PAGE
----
Jesus is coming! He will visit this world again, but not as at his first advent, to be despised, scoffed at and hated, to have his head pierced with a crown of thorns, and have nails driven through his precious hands and feet. As they nailed him to the cross, what pain this holy sufferer must have endured. Yet his bodily suffering was little compared with the anguish of his spirit, while the burden of the sins of the whole world was upon him, which caused him to exclaim, My God, my God, why hast thou forsaken me? For our sins the Son of God endured all this.
Jesus is coming! But not to be the meek suffering Teacher he once was. He then took upon himself our nature, and sympathized with all suffering mankind, listening to their tales of woe, and soothing their sufferings, healing their sicknesses, forgiving their sins, causing the sinking and fainting to hope. For doing others good the wicked Pharisees could not bear Jesus among them. His holy, self-denying life constantly reproved their covetous, unholy lives. And because the minds of many were turned to this new and blessed Teacher, and they believed he was the Son of God, the Pharisees feared that they should not receive so much honor, and they said he was not fit to live, and cried out, Away with him, crucify him, crucify him!
But while the Son of God was being wounded, bruised and smitten for our transgressions and sins, all Heaven was watching over the scene, and every harp was hushed in silence while the Beloved of the Father was suffering. He died on Calvary’s cross—Angels witnessed it. He was laid in Joseph’s new tomb, and a heavy stone was rolled at the door of the sepulchre, and a guard placed around it to watch the tomb. But myriads of angels, bright and strong, were watching over his resting place, and at the appointed time, one of them was commissioned to “go roll away the stone from the door of the sepulchre.” And what could those keepers do? Feeble men! A little before they might have laughed at, and derided the Saviour of the world, as he hung upon the cross; but now the presence of one angel from glory causes them to become “as dead men.” The tomb could hold Jesus no longer, and he arose from the dead and appeared to his sorrowing disciples, and comforts them. He remained with them forty days, to bless, cheer and strengthen them, and then was taken up into heaven—a cloud received the one they so much loved out of their sight. And as they stood gazing into heaven, as he was taken away from them, two men [angels] in white apparel stood by them and inquired why they stood gazing up into heaven. Said these angels, “This same Jesus which is taken up from you into heaven, shall so come in like manner as ye have seen him go into heaven.” Precious, indeed, was this promise to those sorrowing disciples, that they should again see Jesus who was greatly beloved by them all. Precious also is this promise to every true follower of Christ. None who truly love Jesus will be sorry that he is coming again. And as they approach nearer to the coming of the Son of man, the true lovers of Jesus will look forward with joyous hope, and will seek to get all ready to behold him whom their souls loveth, who died to redeem them.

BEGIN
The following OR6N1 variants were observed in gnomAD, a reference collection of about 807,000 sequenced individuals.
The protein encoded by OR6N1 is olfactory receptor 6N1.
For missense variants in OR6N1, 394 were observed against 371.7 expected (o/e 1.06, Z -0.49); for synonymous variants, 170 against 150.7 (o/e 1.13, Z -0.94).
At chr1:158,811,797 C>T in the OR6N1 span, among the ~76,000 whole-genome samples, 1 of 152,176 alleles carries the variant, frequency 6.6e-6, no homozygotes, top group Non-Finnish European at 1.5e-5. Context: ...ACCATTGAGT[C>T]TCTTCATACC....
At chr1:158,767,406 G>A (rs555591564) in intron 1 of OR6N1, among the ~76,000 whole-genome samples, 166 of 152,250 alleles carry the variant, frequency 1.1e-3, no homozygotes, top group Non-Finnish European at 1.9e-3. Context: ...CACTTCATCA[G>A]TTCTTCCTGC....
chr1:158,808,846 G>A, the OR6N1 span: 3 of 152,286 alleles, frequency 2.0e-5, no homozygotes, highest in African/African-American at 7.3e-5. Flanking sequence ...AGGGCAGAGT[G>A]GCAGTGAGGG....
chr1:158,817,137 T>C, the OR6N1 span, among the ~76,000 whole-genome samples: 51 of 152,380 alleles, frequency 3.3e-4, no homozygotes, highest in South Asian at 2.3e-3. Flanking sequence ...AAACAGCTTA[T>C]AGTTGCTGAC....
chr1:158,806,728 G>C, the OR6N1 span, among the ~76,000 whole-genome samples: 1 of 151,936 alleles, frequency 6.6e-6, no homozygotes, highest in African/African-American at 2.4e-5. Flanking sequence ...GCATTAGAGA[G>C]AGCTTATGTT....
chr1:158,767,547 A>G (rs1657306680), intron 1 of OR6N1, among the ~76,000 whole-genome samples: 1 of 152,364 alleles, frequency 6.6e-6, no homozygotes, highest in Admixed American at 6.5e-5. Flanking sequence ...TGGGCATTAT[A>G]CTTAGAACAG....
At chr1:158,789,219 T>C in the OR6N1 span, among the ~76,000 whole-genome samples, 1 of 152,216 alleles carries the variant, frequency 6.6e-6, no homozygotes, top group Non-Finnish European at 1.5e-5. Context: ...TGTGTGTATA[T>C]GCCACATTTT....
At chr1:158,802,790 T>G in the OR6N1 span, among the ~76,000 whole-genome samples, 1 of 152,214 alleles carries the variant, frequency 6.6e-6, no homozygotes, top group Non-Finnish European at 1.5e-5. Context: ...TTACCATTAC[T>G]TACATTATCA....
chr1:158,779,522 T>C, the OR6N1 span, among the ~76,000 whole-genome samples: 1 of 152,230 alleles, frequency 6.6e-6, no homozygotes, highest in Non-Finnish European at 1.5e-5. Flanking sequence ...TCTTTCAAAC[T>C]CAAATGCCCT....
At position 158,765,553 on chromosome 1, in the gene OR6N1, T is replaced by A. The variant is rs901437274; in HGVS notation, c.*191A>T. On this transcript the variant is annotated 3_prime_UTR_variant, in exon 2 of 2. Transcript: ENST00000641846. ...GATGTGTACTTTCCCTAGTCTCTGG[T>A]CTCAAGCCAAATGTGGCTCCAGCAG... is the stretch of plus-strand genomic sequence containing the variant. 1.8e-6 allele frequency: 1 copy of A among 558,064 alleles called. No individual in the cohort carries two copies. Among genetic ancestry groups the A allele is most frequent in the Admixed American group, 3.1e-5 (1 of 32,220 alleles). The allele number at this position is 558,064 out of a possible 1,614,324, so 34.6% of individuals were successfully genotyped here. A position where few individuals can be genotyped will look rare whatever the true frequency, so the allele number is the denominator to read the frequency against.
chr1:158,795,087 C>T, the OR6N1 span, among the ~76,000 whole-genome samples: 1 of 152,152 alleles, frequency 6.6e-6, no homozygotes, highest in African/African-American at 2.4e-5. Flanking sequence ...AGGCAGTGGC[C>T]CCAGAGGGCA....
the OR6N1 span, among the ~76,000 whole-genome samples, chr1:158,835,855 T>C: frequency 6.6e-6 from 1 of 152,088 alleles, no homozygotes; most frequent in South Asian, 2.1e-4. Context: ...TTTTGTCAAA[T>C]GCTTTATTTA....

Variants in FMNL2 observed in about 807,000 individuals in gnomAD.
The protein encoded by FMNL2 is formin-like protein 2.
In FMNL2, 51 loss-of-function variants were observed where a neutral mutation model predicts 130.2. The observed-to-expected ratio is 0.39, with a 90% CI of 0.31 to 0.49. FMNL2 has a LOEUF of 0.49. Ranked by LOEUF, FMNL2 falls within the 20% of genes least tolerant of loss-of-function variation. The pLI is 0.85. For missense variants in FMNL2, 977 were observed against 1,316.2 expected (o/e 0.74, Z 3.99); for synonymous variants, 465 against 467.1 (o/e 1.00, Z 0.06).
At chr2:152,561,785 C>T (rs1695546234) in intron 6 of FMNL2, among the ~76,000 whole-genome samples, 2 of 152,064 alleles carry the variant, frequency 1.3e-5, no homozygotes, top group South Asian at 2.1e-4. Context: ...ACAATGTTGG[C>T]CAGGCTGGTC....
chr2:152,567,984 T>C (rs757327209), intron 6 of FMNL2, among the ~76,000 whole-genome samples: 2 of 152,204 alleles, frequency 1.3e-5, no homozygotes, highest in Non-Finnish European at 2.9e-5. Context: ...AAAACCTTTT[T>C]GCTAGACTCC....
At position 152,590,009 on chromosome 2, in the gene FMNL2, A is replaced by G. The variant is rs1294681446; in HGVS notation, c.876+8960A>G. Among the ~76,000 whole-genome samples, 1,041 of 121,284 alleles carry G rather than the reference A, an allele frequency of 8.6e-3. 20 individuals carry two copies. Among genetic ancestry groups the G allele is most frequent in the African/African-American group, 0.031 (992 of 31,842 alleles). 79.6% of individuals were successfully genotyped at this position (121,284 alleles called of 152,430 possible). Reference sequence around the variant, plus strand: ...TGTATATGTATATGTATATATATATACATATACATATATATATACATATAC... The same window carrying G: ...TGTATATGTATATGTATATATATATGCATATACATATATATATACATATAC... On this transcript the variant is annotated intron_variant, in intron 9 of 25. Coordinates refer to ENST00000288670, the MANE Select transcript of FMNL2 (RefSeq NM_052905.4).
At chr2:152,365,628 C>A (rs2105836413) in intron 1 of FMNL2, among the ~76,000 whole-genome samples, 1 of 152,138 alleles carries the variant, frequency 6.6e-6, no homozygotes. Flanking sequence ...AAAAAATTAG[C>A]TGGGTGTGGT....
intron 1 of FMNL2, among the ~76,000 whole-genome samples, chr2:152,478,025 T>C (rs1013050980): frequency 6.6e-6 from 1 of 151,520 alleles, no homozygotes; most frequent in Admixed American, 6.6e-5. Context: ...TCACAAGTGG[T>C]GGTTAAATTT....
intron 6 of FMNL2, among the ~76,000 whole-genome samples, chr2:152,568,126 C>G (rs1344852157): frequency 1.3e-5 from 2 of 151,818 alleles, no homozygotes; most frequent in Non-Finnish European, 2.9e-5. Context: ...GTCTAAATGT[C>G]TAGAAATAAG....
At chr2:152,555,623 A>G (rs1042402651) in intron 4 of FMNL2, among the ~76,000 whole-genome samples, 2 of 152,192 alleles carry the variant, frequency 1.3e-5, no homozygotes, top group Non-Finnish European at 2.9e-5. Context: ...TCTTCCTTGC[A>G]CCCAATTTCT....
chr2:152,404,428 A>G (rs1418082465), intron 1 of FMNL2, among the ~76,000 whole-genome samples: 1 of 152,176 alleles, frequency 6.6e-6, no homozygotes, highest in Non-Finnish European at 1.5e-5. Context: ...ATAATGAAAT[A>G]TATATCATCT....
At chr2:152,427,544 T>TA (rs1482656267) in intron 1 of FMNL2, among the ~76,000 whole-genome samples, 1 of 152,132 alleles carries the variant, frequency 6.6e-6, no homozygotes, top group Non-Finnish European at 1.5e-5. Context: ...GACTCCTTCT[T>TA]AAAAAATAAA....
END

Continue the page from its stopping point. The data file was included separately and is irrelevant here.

Jesus is coming! But not to listen to the woes of mankind, and to hear the guilty sinner confess his sins, and to speak pardon to him; for every one’s case will then be decided for life or death. Those who have lived in sin will remain sinners forever. Those who have confessed their sins to Jesus in the Sanctuary, have made him their friend and have loved his appearing, will have pardon written for all their sins, and they, having purified their souls “in obeying the truth,” will remain pure and holy forever.
Jesus is coming as he ascended into heaven, only with additional splendor. He is coming with the glory of his Father, and all the holy angels with him, to escort him on his way. Instead of the cruel crown of thorns to pierce his holy temples, a crown of dazzling glory will deck his sacred brow. He will not then appear, the man of sorrows and acquainted with grief; but his countenance will shine brighter than the noon-day sun. He will not wear a plain seamless coat, but a garment whiter than snow—of dazzling brightness.
Jesus is coming! But not to reign as a temporal prince. He will raise the righteous dead, change the living saints to a glorious immortality, and, with the saints, take the kingdom under the whole heaven. This kingdom will never end. Then those who have patiently waited for Jesus, will be made like him.
If one angel from heaven caused the Roman guard to fall as dead men, how can those who are unprepared, unholy, bear the sight and live, of seeing Jesus in the glory of his Father and ten thousand angels accompanying him. O how can sinners bear this sight! They will cry for rocks and mountains to fall on them, and hide them from the face of him that sitteth on the throne, and from the wrath of the Lamb.
Dear young reader, seek a thorough preparation to meet Jesus, that when he appears you may exclaim with joy, “Lo this is our God, we have waited for him, and he will save us.” Eternal life will then be yours, and you will be a partaker with Christ of his glory, ever to hear his glorious approving voice, and behold his lovely person.1White, Ellen G. “He Is Coming.” The Youth Instructor 1 Apr. 1854: n. pag. Print.
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|1.||↑||White, Ellen G. “He Is Coming.” The Youth Instructor 1 Apr. 1854: n. pag. Print.|